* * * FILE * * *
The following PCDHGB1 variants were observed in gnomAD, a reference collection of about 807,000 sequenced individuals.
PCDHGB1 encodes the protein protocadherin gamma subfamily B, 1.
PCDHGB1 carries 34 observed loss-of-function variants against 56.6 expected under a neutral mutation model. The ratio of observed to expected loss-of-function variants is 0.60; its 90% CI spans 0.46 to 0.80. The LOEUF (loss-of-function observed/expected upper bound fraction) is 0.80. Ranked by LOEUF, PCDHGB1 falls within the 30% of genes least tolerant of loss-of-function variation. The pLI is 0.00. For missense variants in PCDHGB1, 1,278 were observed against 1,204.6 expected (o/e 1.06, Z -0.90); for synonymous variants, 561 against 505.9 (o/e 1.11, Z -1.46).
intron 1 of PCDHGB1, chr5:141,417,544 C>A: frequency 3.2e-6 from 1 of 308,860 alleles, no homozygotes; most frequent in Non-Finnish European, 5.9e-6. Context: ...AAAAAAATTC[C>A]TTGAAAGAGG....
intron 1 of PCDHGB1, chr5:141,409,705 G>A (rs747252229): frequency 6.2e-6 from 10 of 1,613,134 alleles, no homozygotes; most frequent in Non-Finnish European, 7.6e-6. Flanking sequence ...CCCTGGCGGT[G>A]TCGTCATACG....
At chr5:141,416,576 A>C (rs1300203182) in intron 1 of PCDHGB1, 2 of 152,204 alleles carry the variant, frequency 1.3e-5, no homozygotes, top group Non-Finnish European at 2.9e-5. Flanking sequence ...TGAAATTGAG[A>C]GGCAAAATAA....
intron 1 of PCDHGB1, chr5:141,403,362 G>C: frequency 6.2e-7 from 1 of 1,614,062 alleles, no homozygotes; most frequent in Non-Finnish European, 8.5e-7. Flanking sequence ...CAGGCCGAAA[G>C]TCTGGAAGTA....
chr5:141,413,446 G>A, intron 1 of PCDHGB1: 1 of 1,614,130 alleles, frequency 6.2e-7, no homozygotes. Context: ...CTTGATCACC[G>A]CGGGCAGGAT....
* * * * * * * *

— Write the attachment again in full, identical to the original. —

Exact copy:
The following PCDHGB1 variants were observed in gnomAD, a reference collection of about 807,000 sequenced individuals.
PCDHGB1 encodes the protein protocadherin gamma subfamily B, 1.
PCDHGB1 carries 34 observed loss-of-function variants against 56.6 expected under a neutral mutation model. The ratio of observed to expected loss-of-function variants is 0.60; its 90% CI spans 0.46 to 0.80. The LOEUF (loss-of-function observed/expected upper bound fraction) is 0.80. Ranked by LOEUF, PCDHGB1 falls within the 30% of genes least tolerant of loss-of-function variation. The pLI is 0.00. For missense variants in PCDHGB1, 1,278 were observed against 1,204.6 expected (o/e 1.06, Z -0.90); for synonymous variants, 561 against 505.9 (o/e 1.11, Z -1.46).
intron 1 of PCDHGB1, chr5:141,417,544 C>A: frequency 3.2e-6 from 1 of 308,860 alleles, no homozygotes; most frequent in Non-Finnish European, 5.9e-6. Context: ...AAAAAAATTC[C>A]TTGAAAGAGG....
intron 1 of PCDHGB1, chr5:141,409,705 G>A (rs747252229): frequency 6.2e-6 from 10 of 1,613,134 alleles, no homozygotes; most frequent in Non-Finnish European, 7.6e-6. Flanking sequence ...CCCTGGCGGT[G>A]TCGTCATACG....
At chr5:141,416,576 A>C (rs1300203182) in intron 1 of PCDHGB1, 2 of 152,204 alleles carry the variant, frequency 1.3e-5, no homozygotes, top group Non-Finnish European at 2.9e-5. Flanking sequence ...TGAAATTGAG[A>C]GGCAAAATAA....
intron 1 of PCDHGB1, chr5:141,403,362 G>C: frequency 6.2e-7 from 1 of 1,614,062 alleles, no homozygotes; most frequent in Non-Finnish European, 8.5e-7. Flanking sequence ...CAGGCCGAAA[G>C]TCTGGAAGTA....
chr5:141,413,446 G>A, intron 1 of PCDHGB1: 1 of 1,614,130 alleles, frequency 6.2e-7, no homozygotes. Context: ...CTTGATCACC[G>A]CGGGCAGGAT....